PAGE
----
David Bourget (Western Ontario)
David Chalmers (ANU, NYU)
Rafael De Clercq
Ezio Di Nucci
Jonathan Jenkins Ichikawa
Jack Alan Reynolds
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Journal of Economic Methodology 3 (2):261-284 (1996)
The paper attempts to think through some aspects of a methodology for tendencies, taking Menger as an important source of inspiration. The contrast between laws and tendencies is emphasized, whereby laws posit necessary connections between cause and effect and refer to historically specific events and tendencies describe loose connections between cause and effect and refer to broad Hayekian patterns of events. Emphasis is placed on the importance of isolating as well as ?patterning? abstraction for the social sciences, which is traced back to Menger. The implications for method of these two forms of abstraction are elaborated. Some topical controversies are discussed along the way, such as the rigour/relevance dilemma, the realisticness of the rationality principle and the intra-Austrian dispute between the radical subjectivists and the ?middle grounders?. The use and importance of an Aristotelian ontology, prevalent in Menger, is discussed as well.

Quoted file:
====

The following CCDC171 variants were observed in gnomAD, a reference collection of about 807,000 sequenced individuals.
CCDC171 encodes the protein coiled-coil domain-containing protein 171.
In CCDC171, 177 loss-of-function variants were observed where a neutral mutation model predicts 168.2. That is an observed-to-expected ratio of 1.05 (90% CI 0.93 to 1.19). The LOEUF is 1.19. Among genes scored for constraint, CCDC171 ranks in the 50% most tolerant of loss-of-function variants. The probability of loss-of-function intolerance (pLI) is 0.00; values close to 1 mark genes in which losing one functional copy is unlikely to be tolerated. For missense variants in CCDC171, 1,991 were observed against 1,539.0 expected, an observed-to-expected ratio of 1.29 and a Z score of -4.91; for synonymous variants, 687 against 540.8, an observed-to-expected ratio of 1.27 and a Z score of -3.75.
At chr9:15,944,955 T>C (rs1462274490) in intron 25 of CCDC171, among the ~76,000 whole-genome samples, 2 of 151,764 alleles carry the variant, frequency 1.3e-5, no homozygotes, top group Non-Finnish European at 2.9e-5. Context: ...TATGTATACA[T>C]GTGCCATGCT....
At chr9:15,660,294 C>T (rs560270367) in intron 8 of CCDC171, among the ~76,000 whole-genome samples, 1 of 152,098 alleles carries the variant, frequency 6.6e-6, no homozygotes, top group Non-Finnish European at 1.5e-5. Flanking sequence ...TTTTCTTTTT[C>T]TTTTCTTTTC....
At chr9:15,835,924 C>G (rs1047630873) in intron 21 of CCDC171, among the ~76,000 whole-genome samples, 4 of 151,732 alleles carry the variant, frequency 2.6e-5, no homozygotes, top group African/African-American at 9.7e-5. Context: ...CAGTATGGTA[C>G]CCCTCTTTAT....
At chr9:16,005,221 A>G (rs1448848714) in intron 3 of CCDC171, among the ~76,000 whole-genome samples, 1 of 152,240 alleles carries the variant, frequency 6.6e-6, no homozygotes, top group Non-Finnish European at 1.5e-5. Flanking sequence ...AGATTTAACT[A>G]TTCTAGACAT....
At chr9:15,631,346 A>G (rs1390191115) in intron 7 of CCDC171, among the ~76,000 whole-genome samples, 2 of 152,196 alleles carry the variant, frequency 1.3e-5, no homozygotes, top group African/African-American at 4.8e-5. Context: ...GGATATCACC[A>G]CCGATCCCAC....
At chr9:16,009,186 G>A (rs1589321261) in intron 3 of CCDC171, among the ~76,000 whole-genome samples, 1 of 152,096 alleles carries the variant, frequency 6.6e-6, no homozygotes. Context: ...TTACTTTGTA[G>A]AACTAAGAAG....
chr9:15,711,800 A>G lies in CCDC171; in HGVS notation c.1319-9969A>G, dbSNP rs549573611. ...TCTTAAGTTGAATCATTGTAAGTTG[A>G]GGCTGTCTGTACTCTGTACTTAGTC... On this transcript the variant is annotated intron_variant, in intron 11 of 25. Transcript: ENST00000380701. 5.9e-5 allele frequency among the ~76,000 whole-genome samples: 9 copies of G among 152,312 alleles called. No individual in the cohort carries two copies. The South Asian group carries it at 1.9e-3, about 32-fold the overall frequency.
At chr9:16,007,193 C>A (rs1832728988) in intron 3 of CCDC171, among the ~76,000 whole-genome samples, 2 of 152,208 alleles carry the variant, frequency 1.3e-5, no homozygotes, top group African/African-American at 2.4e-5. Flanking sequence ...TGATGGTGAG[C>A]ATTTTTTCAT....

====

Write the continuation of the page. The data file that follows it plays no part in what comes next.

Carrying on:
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References found in this work BETA
R. G. Collingwood (1993). The Idea of History. Oxford University Press.
Alfred Schutz (1967). Phenomenology of the Social World. Northwestern University Press.
Karl R. Popper (1961). The Poverty of Historicism. London, Routledge & Paul.
James M. Buchanan & Viktor J. Vanberg (1991). The Market as a Creative Process. Economics and Philosophy 7 (2):167.
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